And so to be really free is not to be an individual able to operate free from constraints, but to be tied to beneficial relationships with people and habitats, relationships that feed you materially and psychologically. Without a tie to your food – you starve, without the tie to lovers – you sadden. We are free because we are linked. Freedom is not breaking our chains but turning them into living roots and veins that connect, share, flow together and enable us to change and evolve in common.
Since the abandonment of the Airport, changing together on the zad has been a very a painful process. On the zad often it is a fight between those of us who try to read the terrain and invent something new that is messy and hybrid yet fits the situation we are in and those of us who want to keep a pure radical position, more based on uprooted ideas and ideology than the complexity of the present moment, the here and now, the forces we hold and don’t. In 1968 Bookchin asked“When will we begin to learn from what is being born instead of what is dying?” It is a question still just as relevant today on the zad.
Things have been moving so fast. After Hulot’s ultimatum, a ministerial announcement suggests that the Prime minster and minister of interior are on a war footing, they are prepared to go for it, evict the whole zone on Monday’s deadline, the 23rd.
During the re start of negotiations on Wednesday a technical meeting between our delegation and the bureaucrats, who look at the case from a purely land and agriculture question, had been set for two days later, Friday 20th . Once again we are on a knife edge, this could be the last moment of negotiation before a full scale attack, an attack that most of us who live on the zone know we can’t win against, how ever big our barricades.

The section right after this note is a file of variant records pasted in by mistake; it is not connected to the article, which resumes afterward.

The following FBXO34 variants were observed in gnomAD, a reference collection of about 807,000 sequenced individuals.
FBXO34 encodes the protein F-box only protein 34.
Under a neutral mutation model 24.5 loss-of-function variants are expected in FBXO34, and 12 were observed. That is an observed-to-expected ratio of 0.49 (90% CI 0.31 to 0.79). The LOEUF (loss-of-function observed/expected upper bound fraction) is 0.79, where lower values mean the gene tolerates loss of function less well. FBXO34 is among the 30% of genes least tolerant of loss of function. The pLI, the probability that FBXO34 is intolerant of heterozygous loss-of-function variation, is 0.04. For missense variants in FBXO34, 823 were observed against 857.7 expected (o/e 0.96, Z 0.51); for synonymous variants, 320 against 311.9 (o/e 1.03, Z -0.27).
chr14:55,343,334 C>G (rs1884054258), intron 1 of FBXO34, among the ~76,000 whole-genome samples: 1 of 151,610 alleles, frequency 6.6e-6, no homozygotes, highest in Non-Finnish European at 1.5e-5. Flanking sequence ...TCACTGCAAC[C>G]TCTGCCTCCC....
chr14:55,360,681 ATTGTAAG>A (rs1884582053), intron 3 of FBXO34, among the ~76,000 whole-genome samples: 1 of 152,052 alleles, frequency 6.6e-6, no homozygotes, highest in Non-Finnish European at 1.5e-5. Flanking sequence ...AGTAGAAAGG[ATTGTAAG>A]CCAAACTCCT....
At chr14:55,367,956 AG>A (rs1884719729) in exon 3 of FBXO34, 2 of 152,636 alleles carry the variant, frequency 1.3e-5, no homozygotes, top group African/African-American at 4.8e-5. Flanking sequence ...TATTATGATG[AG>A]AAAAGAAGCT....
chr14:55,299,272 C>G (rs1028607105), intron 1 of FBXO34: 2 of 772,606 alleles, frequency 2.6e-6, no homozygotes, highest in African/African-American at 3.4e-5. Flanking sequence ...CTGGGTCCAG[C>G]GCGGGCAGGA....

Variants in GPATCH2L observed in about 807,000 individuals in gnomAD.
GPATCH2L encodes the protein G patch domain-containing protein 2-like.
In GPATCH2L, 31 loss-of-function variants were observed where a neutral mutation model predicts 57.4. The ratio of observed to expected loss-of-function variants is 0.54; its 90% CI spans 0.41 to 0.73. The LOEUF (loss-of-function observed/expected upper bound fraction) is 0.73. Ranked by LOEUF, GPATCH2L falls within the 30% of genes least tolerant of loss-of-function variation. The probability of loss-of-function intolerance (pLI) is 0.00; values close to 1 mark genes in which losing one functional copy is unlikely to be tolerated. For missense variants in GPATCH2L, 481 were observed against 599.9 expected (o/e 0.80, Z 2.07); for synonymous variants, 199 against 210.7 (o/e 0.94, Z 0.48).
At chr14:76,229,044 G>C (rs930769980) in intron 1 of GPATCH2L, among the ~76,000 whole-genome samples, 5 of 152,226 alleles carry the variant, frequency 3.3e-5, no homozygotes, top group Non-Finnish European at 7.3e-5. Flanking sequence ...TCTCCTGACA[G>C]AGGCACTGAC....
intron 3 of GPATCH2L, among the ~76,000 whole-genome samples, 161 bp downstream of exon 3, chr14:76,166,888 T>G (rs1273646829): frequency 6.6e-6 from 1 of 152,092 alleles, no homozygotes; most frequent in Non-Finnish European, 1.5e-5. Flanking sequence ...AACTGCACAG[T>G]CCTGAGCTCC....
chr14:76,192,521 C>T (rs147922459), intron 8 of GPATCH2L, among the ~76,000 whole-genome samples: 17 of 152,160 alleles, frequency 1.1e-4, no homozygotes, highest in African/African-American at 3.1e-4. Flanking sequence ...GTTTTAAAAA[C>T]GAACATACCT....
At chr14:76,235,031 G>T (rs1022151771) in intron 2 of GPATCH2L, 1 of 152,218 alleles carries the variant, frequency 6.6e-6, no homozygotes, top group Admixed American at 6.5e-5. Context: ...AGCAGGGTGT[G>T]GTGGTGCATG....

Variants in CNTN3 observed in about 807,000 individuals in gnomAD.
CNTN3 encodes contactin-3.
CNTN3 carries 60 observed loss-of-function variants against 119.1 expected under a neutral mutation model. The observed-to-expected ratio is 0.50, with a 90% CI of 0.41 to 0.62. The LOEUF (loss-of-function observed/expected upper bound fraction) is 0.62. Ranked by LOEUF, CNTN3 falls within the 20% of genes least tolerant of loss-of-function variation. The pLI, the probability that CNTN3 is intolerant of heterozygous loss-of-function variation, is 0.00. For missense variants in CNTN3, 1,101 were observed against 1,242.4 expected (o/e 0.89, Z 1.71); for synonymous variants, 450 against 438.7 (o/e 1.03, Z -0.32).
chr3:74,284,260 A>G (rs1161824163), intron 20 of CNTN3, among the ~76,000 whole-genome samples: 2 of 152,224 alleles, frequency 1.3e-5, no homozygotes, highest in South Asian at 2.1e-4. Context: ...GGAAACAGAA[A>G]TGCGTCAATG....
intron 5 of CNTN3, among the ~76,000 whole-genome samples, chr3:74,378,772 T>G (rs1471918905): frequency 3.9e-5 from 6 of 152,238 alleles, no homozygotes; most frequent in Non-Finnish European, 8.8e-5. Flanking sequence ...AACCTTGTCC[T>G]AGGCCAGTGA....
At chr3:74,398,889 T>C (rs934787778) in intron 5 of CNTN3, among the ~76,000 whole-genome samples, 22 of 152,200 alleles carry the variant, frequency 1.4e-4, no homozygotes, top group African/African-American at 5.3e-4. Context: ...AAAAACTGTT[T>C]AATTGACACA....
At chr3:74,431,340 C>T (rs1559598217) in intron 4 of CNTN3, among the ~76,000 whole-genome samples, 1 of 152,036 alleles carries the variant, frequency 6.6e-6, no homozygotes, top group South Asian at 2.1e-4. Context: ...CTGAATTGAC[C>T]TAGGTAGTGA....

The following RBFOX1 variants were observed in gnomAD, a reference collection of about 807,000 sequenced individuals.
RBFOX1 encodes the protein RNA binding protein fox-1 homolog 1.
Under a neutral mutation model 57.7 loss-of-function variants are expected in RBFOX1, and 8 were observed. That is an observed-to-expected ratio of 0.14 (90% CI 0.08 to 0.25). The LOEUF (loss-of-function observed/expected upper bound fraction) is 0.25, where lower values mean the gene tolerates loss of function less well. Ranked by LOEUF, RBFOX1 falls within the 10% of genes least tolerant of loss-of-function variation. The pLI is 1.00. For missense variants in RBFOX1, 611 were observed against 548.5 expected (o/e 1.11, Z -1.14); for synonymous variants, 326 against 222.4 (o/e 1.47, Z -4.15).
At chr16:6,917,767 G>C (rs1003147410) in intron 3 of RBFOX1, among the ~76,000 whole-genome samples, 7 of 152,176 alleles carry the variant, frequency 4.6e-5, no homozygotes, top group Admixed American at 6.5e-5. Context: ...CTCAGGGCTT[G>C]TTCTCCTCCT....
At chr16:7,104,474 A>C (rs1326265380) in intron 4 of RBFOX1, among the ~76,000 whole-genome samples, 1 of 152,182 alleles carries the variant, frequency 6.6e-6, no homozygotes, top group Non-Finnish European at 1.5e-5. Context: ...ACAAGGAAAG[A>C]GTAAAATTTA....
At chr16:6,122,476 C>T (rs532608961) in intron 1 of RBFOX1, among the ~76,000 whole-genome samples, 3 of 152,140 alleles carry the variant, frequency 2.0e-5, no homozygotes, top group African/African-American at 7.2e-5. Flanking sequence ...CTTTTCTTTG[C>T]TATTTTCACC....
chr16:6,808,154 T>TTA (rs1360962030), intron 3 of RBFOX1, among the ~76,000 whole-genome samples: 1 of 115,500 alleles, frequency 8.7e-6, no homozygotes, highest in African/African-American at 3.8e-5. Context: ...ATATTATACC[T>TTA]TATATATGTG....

The Assembly of Usages makes a huge strategic gamble, its a paradigm shift in tactics. We decide to hand in the forms at the Friday meeting, but in a modified way, to show that yes we can fit the state’s square boxes of individual projects if they want, but that on the bocage nothing can be separated out, everything is interdependent. Whilst at the same time making a call out for people to come and be ready to defend on the territory from Monday onwards if the state attack. Its the logic of hacking, take what’s there, re purpose it, change its use.
Then one of the most unexpected types of zad magic takes place, an office of form filing is set up in the Zad’s library, and for 24 hours the building becomes a disturbed ants nest, dozens and dozens of people are running around carrying white pages of paper, writing on computers, having meetings together, looking at maps of the zone, making phone calls. Comrades with great legal and administrative knowledge help out and and by Friday afternoon, just as the meeting at the Prefecture begins a huge black bound file of 40 different projects is produced, each with a name and plots of lands earmarked, but no single name attached to a single plot. A colourful cartography of the commons of the zad is attached to further illustrate the interdependent and cooperative nature of the projects, be they a school of shepherding or the library, orchards or the sports group, mechanics garage or a snail farm, sunflower oil production or bringing up children together. Of the 70 living spaces on the zone, 63 are covered by the forms, only 7 decide not to take this bet of a barricade of paper. Of course paper barricades are not half as fun as ones on the streets, but this time they just might be the ones that save zad from becoming just another orgasm of history, another free commune which shined briefly but ended in bloodshed, another martyred experiment in freedom sacrificed for the sake of a pure revolution. The zad always tried to go beyond the idea of a TAZ (Temporary Autonomous Zone), in favour of a building a PAP ( Permanent Autonmous Zone), this desire is embeded in the solid buildings, the long term agricultural plans, the vineyards planted for win in 5 years time. We can’ just let go of all the ties we built here, with the locals, surrounding farmers, pensioners, workers in the city, wanderers of all sorts, Nantes students and the youth, the owls, the black squirming salamanders, the knarly oaks trees, the mud. We must hold onto all these deep friendships and networks of struggle that we have shared with such intensity over the last decade.